Washington, D.C. — U.S. Senators Susan Collins (R-ME) and Chris Coons (D-DE) introduced the Reach Every Mother and Child Act to strengthen U.S. government efforts to end preventable deaths of mothers, newborns, and young children in developing nations around the world.
Every day, approximately 800 women, almost entirely from developing countries, die from
“Although progress has been made in improving the health of mothers and children, it is a tragedy that so many preventable deaths still occur,” said Senator Collins. “By supporting simple, proven, and cost-effective interventions, our bipartisan legislation will improve the health and well-being of mothers and children in developing countries and bring us closer to achieving the goal of ending preventable maternal and child deaths worldwide.”
“For too many women and families, pregnancy and childbirth are risky, life-threatening conditions that are filled with stress rather than joy and expectation,” said Senator Coons. “The Reach Act directs USAID to deliver a comprehensive strategy that prioritizes cost-effective, proven interventions to prevent these tragic deaths. This bipartisan bill will bring relief to mothers who can safely carry, deliver, and raise their newborns knowing that the care they need is now available."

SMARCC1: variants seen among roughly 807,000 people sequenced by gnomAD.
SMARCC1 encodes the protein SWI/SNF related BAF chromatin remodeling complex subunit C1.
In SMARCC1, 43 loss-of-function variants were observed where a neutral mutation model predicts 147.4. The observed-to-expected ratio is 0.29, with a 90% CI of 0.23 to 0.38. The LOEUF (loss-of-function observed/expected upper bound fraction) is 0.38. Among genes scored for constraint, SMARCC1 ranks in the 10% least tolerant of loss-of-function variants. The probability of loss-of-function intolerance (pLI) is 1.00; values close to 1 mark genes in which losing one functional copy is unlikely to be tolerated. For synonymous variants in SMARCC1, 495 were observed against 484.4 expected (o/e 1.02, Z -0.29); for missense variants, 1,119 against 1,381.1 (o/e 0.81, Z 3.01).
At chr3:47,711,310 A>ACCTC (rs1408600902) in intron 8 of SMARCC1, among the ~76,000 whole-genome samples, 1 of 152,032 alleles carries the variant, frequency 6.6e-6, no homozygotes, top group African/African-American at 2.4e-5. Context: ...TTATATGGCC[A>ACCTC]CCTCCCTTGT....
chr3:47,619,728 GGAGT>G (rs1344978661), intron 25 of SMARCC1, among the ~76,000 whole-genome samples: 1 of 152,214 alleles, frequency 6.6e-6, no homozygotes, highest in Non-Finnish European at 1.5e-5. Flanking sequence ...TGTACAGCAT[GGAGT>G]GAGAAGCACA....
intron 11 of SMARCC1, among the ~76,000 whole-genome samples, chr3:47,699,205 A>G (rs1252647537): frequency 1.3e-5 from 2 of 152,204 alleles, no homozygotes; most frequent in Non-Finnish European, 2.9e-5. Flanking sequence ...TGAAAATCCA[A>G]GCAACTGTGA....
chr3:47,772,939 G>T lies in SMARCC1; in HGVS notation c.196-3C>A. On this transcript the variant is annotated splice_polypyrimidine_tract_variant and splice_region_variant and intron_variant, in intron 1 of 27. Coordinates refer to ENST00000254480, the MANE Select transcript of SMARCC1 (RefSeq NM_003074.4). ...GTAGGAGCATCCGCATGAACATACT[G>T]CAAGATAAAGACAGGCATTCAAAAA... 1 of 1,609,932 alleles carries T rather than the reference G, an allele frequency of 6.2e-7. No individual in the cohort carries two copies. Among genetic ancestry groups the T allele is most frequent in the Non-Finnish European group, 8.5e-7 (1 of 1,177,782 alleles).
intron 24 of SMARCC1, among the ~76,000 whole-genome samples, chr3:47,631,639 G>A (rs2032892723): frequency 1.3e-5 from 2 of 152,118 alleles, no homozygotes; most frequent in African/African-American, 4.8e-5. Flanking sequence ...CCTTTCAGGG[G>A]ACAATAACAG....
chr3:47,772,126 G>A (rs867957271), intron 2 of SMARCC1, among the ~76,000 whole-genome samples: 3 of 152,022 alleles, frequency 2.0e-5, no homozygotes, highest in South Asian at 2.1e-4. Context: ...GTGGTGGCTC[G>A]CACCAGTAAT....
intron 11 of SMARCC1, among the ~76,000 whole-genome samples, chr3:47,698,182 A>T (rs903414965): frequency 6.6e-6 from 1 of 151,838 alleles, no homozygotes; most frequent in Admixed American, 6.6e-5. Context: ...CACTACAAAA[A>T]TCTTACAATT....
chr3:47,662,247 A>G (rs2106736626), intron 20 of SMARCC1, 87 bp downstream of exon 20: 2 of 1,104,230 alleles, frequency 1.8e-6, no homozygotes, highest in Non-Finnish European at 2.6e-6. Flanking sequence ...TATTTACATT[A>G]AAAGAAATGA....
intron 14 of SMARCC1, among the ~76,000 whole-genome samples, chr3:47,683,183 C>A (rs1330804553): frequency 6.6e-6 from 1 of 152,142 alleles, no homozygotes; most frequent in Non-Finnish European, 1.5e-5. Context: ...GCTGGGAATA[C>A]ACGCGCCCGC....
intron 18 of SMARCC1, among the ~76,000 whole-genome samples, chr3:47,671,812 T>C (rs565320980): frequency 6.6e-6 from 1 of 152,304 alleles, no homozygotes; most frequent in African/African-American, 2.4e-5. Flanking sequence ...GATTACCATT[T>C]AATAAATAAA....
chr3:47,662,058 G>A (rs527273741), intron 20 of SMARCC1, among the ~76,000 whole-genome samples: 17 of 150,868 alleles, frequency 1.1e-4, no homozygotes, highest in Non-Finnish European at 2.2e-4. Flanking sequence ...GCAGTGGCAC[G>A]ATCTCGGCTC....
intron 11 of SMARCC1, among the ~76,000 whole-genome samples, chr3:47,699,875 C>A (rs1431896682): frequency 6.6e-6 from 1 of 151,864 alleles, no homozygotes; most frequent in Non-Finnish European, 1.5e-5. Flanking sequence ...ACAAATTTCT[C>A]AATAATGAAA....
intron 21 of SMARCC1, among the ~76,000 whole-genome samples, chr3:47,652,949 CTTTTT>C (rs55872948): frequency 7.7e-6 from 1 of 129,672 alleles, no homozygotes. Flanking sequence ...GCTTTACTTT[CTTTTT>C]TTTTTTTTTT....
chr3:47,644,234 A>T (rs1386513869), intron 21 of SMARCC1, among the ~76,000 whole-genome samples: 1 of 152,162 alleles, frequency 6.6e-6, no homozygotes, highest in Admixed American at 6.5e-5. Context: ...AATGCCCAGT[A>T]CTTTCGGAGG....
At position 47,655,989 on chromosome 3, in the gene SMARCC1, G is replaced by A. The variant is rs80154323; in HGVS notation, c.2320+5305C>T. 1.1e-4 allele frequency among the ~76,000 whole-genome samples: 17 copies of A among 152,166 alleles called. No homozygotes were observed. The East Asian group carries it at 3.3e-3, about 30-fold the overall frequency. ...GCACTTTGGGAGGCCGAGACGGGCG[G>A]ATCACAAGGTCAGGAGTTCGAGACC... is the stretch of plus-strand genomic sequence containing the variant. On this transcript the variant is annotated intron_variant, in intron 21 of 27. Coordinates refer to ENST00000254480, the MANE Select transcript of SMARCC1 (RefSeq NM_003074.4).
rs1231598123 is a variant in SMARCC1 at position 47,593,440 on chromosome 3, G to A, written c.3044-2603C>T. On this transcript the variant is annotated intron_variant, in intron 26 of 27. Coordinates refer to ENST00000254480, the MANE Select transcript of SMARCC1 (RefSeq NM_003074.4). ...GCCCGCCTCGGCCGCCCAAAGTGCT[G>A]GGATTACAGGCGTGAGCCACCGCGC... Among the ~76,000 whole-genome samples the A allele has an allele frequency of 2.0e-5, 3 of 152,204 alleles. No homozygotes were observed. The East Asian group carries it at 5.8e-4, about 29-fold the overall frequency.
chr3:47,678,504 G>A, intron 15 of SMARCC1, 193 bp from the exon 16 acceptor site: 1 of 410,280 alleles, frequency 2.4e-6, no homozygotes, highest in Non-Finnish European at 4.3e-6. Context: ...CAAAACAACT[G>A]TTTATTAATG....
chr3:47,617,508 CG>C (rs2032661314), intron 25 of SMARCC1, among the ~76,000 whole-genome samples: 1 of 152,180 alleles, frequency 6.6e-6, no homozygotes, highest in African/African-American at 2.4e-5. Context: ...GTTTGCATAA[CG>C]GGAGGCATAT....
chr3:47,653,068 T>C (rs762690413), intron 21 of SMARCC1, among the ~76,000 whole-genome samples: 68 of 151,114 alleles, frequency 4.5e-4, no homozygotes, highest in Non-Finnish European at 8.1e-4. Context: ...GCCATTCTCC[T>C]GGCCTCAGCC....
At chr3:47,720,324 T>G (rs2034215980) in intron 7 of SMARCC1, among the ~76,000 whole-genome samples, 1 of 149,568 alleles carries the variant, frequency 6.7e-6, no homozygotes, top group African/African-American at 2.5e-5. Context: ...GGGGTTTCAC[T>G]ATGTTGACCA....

The United States has been a global leader in reaching mothers and children in developing countries with life-saving interventions, including skill birth attendants, basic resuscitation options for newborns, vaccinations, and other cost-effective, evidence-based interventions.
The Reach Act has been endorsed by CARE International, PATH, RESULTS, Save the Children Action Network, and World Vision. The bill would provide the focus and tools necessary to accelerate progress toward ending preventable maternal and child deaths by:
Establishing the goal of ending preventable maternal, newborn, and child deaths by 2030;
Requiring the Administration to implement a strategy to achieve this goal by scaling up the most-effective evidence-based interventions;
Permitting USAID greater flexibility to use “pay-for-success” financing models where foreign aid is only expended for results rather than inputs, and
establishing a permanent Maternal and Child Survival Coordinator at USAID who would be focused on implementing the strategy and verify that the most effective interventions are scaled up in target countries.